• It runs fan-less. This is one of the first things I noticed with the iPad Pro, it’s so quiet and cool. Nothing ever whirls or heats up. The keyboard never makes my hands sweaty. It just cruises along, no hiccups, no freezes, no spinning wheels, no heat, nothing. Really impressive performance for a fan-less device.
  • Battery life and connectivity. Those two things really appeal to me, they’re two of the main reasons I keep coming back to the iPad Pro. It’s the ability to literally work anywhere, to be free from the need for an outlet or a wifi router.

Dislike

  • Browser. It’s still mobile, which usually works but is infuriating when it doesn’t. One of the key components of my work is writing and editing a blog. WordPress on mobile Safari is far from ideal. Another specifically painful example: I simply can’t add a contact in Pipedrive (my CRM of choice), the ‘save’ button is located beneath the bottom of the screen and Safari won’t allow me to scroll to it while the ‘add contact’ window is open. This is close to a deal killer by itself. Sure, there’s a Pipedrive app, but it’s got about 20% of the functionality.
  • I get kind of dizzy leaning over the iPad Pro for long periods of time. I can’t lean back and look at my big external monitor like with the MacBook Pro.
  • OmniFocus, professional apps in general. I rely heavily on Omnifocus to keep my life and work organized. The iOS app is so much tougher to use than the desktop version. I’m sure it’s partly because I’m used to the desktop version, but the app is also simply less capable. The same is true for the majority of productivity tools in iOS, they lack features included in their desktop or web-based counterparts. A few that I use daily, Microsoft Office, Zoom, Files, Mail, Notes, are all missing basic features included with their Mac OS counterparts.

Unsure

  • I feel uneasy using the iPad Pro for work. Do I not like it because it forces me to zoom in on things? It is definitely harder to bounce around and/or have multiple things going on, it takes more effort to be distracted which can be a good thing. But maybe iOS is just too restrictive. It almost always takes extra effort to do things that are easy in Mac OS.
  • It feels daunting to think about something like recording and uploading a video to my blog. I’m sure it’s doable, but I’m also sure it’s going to take extra work to figure it out and I’m already tired just thinking about it. Maybe that’s a personal problem, but hey, still a problem.

Verdict

  • I love the form factor, the power, the lack of a fan, the battery life, the simplicity, the ease of use, the lack of loading time. There are real pros to this machine, especially on the hardware side.
  • iOS, for all that it does well, presents obstacles for my normal workflow. It’s surprisingly capable and surprisingly frustrating at the same time. I can’t save additional signatures in Mail, it takes twice as long to add and organize tasks in OmniFocus, I run into frequent website limitations with mobile Safari, the list goes on. Almost all of my issues can be ‘worked around’ in one way or another, but I find myself spending a lot of time on workarounds instead of actually working.
  • While the fact that the iPad Pro is always on and always connected is certainly a benefit, I don’t think it’s worth the trade-off for the sacrifices in the OS. In fact, because it’s so easy and fun to use, and it’s always on and always connected, I end up turning it on just to waste time. It’s fun to use but it’s hard to use for work, those two don’t make a great combination.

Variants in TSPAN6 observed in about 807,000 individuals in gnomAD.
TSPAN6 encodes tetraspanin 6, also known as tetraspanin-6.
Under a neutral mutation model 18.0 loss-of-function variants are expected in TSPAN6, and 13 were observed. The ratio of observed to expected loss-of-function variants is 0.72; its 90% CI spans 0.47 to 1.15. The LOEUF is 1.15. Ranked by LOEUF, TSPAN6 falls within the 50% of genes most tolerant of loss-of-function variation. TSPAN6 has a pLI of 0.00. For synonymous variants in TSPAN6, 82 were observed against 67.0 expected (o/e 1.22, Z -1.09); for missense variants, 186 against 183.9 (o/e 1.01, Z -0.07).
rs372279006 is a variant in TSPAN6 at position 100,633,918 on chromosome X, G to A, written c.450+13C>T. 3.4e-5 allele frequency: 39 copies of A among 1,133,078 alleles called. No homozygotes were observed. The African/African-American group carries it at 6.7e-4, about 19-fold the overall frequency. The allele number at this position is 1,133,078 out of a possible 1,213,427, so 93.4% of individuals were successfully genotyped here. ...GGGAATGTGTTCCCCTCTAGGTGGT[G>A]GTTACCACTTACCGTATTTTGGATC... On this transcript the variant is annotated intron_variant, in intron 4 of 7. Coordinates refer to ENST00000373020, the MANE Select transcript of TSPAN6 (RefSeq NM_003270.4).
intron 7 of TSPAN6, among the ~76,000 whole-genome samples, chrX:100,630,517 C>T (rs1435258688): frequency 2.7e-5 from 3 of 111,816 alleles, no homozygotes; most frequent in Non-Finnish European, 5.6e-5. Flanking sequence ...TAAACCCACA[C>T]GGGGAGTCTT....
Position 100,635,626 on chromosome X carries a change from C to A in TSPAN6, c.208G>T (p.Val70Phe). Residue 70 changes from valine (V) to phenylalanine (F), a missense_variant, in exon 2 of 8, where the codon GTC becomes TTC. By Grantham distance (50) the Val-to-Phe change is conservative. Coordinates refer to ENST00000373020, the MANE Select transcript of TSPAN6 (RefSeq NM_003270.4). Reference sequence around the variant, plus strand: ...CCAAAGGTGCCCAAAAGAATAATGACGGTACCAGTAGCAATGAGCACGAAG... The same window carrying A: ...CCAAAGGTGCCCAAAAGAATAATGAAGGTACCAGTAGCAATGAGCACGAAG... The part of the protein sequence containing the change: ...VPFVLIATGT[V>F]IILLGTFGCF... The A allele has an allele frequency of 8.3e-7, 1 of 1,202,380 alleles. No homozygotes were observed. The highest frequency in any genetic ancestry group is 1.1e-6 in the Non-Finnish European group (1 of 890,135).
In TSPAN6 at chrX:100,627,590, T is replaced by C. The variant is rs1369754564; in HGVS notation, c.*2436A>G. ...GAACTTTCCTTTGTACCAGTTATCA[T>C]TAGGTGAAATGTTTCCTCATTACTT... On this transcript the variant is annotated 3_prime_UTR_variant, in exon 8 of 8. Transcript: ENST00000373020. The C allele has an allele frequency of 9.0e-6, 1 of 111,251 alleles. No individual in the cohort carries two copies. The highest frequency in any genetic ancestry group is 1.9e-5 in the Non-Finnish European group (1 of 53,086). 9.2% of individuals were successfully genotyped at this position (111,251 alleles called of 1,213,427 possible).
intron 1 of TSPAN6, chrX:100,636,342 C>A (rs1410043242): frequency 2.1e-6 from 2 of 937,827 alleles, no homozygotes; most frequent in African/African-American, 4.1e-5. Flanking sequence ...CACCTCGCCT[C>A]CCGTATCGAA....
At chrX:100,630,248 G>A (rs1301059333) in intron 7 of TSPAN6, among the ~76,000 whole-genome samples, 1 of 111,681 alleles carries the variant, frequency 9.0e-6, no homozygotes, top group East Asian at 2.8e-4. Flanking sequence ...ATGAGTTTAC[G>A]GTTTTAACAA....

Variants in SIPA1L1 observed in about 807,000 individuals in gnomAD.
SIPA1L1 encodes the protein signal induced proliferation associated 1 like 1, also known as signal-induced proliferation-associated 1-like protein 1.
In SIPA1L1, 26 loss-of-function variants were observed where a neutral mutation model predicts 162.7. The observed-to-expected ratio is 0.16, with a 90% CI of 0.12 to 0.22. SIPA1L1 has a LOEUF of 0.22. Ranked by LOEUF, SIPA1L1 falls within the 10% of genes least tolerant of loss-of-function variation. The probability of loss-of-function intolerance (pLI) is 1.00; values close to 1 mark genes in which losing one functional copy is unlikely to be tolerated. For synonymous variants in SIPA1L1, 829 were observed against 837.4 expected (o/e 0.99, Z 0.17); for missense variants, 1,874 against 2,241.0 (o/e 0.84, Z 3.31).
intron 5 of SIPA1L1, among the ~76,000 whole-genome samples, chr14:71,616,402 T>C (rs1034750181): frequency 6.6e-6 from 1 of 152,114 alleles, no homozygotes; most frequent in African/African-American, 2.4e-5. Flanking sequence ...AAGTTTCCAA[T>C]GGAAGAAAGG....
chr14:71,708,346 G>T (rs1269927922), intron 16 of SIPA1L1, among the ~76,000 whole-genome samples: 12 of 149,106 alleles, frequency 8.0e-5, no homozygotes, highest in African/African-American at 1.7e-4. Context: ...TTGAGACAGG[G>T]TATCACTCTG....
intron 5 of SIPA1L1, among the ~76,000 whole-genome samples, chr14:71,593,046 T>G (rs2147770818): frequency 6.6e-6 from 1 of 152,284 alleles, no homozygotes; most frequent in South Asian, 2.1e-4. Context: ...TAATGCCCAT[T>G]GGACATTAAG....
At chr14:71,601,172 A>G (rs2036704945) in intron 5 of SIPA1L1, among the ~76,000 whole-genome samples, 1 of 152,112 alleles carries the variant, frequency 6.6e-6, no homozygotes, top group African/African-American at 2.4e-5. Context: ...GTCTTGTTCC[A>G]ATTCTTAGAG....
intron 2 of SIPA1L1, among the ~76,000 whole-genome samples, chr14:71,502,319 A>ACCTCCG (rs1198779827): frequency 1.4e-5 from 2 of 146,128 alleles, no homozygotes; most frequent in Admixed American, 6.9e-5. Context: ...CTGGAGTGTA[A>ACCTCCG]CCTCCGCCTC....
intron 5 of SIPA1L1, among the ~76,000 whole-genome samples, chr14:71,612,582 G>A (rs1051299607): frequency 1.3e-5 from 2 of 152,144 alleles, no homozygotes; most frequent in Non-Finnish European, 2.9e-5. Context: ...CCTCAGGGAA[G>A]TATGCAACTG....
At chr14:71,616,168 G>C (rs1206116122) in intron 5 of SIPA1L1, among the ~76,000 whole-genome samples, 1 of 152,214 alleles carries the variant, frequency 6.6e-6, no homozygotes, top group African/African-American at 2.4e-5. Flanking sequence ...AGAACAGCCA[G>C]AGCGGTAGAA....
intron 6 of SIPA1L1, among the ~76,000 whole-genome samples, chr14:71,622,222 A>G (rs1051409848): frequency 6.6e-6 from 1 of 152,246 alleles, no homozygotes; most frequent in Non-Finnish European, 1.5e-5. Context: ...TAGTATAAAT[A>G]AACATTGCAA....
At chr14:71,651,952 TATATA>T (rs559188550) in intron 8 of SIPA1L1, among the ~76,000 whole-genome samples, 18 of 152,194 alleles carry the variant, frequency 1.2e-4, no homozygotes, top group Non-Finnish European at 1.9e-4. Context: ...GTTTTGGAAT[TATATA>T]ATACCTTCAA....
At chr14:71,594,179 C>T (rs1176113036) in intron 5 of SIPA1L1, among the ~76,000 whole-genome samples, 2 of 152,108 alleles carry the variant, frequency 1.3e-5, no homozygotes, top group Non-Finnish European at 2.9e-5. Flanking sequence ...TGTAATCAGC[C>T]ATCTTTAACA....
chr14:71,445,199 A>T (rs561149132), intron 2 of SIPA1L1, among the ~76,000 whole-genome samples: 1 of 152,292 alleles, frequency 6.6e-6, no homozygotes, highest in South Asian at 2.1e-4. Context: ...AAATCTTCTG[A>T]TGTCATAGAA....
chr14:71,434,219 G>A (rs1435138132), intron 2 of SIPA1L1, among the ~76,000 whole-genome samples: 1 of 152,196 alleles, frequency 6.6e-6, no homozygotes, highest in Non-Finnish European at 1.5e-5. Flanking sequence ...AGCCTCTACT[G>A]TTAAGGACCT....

• Mac OS is already great for working. All my workflows are there. It seems that the key for the iPad Pro is to recreate workflows, kind of like starting over. There could be value in that purely as an exercise, but I can recreate my workflows on my MacBook Pro too, and I’m not ready to put in all that work for the iPad Pro. Going back to my CRM: I just set my company up to use Pipedrive, and Pipedrive suffers on the iPad Pro because there’s no desktop browser. I can’t just switch the company over to something different to facilitate my desire to use an iPad as my primary work machine. I need the iPad Pro to mirror the functionality of my MacBook Pro at least a little more closely to realistically make the jump. Give me a desktop browser and windowed apps, give the developers more time and encouragement to add all the features to their iPad apps, then maybe it’s not such a compromise. For now, my MacBook Pro offers fewer compromises at a comparable price. Here’s to next year.

Part 2: Modern Portfolio Theory

Modern Portfolio Theory is another very important bit of research. A man named Harry Markowitz began working on this theory back in the 1950s. His goal was to figure out how to optimize the relationship between risk and reward in investing. That sounds complicated just reading it back to myself, but it does make sense, in fact, Markowitz received the Nobel Prize in 1990 for his work. A couple of quick definitions before we jump in: 1) risk in investing means volatility, how much a stock, or class of stocks, can move up or down in a year, usually referred to as standard deviation; 2) reward is a little more obvious, it’s the expected/historical rate of return for a class of stocks; 3) a class of stocks is called an ‘asset class’ (an example of an asset class would be large growth companies, or small companies, or small international companies, basically a sector of the market).

Risk and reward are two easily measurable characteristics of a stock or an asset class. Different asset classes obviously behave differently, they each have unique expected risks and rewards; the important thing to remember is that they also respond to market conditions differently, they don’t all move the same way at the same time, you can say they ‘correlate’ to each other differently. Harry Markowitz wanted to figure out how the risk and reward expectation of these different asset classes could be helpful to investors. His studies led him to the idea of an ‘efficient frontier.’